At this time of year, as we head into the festive season of holiday parties, it is important to understand the obligations on “social hosts”. Social hosts are typically individuals or a group of individuals who create a social situation where alcohol is served. This is different from commercial hosts. There are very specific obligations on commercial hosts (restaurants and bars) that serve alcohol.
The Court of Appeal recently released its decision in Williams v. Richard. In that case, Mr. Williams and Mr. Richard, who were co-workers, regularly got together (3 or 4 times per week) to drink beer together. They had a pact that if either of them were going to drive while intoxicated and children were involved, the other would call the police. The men got together at Mr. Richards’ home after work on October 18, 2011 and drank together for approximately 3 hours. Mr. Williams drank approximately 15 beer during that time and then went home, loaded his children and their babysitter into his car, drove the babysitter home and, on the way back to his home, got into a serious accident. Mr. Williams was killed and the two children were injured. Mr. Richard did call the police but not until it was much too late. Court actions were commenced against Mr. Richards and his mother.
The defendants brought a summary judgment motion, arguing that there was no duty of care and that even if there was a duty of care, it ended once Mr. Williams arrived home (before driving). The motions judge agreed and dismissed the case against Mr. Richards and his mother. That decision was appealed to the Court of Appeal.
Any analysis of social host liability must start with the Childs v. Desormeaux case, released by the Supreme Court of Canada in 2006. In this case, Zoe Childs was very seriously injured when her car was struck by another car being driven by an individual who had consumed alcohol at a social event at the Desormeaux home. The Supreme Court held that hosting a party where alcohol is served is not enough to give rise to a duty of care on the hosts. Something more would have to be shown to establish that duty. In other words, while there was no liability found to exist on the part of Desormeaux, the door was left open to find liability on the part of a social host, in the right circumstances.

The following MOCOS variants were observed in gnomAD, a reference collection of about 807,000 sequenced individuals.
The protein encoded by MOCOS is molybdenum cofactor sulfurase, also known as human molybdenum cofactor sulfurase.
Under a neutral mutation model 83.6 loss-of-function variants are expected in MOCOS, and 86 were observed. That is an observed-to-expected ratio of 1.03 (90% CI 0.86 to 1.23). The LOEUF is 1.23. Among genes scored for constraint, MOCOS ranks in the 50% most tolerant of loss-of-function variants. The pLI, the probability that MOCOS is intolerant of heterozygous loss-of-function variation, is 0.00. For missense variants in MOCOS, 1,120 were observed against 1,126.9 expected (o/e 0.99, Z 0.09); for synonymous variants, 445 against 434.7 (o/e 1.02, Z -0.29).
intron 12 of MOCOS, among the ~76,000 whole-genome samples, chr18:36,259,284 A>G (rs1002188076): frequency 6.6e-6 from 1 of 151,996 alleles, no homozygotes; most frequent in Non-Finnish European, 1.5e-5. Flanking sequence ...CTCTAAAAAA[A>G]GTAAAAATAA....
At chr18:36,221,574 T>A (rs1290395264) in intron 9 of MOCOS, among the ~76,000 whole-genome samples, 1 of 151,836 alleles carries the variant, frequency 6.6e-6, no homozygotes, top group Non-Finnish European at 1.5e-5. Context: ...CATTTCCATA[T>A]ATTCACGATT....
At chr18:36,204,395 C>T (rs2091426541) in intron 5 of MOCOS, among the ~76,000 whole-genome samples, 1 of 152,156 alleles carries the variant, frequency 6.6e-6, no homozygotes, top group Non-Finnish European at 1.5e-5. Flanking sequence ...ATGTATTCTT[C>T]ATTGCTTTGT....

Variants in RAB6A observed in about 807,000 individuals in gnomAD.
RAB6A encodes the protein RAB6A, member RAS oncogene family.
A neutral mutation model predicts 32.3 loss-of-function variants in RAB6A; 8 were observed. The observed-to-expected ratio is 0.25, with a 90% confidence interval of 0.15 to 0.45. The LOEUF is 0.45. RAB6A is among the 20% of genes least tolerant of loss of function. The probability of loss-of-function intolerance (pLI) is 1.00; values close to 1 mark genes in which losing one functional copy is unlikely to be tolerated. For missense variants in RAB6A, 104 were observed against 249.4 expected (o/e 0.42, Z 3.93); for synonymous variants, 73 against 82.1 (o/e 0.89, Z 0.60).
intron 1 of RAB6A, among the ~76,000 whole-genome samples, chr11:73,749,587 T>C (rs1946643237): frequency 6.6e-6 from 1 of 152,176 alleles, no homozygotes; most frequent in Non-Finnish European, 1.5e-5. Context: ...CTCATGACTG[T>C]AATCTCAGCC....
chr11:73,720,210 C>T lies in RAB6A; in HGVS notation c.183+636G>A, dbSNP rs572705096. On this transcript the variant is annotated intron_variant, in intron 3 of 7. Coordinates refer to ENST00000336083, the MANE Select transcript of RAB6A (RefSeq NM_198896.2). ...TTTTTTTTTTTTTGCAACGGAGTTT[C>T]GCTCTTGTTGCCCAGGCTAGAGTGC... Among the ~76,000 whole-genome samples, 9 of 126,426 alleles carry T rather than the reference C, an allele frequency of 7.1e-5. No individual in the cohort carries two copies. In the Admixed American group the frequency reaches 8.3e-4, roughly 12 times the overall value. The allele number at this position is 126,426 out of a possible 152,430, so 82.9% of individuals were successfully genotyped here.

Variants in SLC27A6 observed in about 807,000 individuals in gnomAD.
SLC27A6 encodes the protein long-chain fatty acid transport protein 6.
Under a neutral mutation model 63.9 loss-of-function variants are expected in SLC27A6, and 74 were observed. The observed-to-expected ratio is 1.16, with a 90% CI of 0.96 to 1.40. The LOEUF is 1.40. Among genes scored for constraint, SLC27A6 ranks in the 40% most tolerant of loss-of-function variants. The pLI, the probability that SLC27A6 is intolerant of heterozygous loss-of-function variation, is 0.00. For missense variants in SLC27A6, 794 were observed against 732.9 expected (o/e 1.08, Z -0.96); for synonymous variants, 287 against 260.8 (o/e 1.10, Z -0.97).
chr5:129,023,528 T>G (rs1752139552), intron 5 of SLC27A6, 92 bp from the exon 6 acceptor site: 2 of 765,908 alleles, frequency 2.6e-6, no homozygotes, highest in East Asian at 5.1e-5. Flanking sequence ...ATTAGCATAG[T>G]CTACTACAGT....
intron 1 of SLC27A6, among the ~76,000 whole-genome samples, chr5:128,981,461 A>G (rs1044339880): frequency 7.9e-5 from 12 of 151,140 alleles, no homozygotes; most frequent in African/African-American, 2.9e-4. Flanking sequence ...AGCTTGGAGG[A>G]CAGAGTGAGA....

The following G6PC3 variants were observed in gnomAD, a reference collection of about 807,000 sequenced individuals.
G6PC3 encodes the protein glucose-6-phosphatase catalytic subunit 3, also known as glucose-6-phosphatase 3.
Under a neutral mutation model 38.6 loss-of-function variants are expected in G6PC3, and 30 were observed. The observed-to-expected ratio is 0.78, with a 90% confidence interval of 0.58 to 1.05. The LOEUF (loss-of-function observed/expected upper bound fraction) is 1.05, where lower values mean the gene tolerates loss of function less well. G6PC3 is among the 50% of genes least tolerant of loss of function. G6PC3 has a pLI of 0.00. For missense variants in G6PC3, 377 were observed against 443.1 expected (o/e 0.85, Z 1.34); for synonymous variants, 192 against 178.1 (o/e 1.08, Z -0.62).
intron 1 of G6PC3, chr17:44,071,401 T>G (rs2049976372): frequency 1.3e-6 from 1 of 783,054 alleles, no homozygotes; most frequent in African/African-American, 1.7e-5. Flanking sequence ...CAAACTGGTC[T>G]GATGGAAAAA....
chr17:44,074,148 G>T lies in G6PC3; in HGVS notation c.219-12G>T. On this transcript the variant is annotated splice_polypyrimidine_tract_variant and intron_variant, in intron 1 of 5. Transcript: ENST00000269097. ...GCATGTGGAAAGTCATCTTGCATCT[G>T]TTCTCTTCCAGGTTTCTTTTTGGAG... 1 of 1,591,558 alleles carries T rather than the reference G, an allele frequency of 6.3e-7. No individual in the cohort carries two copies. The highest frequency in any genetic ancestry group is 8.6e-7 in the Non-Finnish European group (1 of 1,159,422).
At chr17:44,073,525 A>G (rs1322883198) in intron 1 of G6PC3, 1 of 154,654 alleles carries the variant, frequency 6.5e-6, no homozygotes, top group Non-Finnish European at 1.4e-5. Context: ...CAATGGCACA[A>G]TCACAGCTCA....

The Court of Appeal in Williams v. Richards reviewed the Childs v. Desormeaux case, as well as the cases that have been decided since 2006. The Court overturned the motions judge’s decision and confirmed that the matter should proceed to trial for a full determination of liability.
In reviewing the caselaw since Childs v. Desmormeaux, the Court of Appeal set out a list of factors to consider what might qualify as “something more” that would make a social gathering an inherent and obvious risk. While not exhaustive, these are the types of factors that might attract liability against a social host:
The Court noted that there are “many different factual permutations of what could transform a social gathering into an invitation to an inherent and obvious risk”, and referenced a spectrum – at one end are situations such bring your own alcohol parties (as in Childs), private parties “of a reasonable size”, and an invitation to co-workers to come to your home for drinks and dinner. On the far other end of the spectrum would be a teenager throwing a large house party with more than 100 guests, most of whom were underage, while the parents are out of town.
The takeaway is: consider very carefully the type of party you are throwing this holiday season, who you are inviting and whether you are creating a social situation with “inherent and obvious risk”. If you are, you may be responsible for the actions of your guests even after they leave your party. As a good host and a good friend, you always want to consider how your guests are getting home after consuming alcohol.
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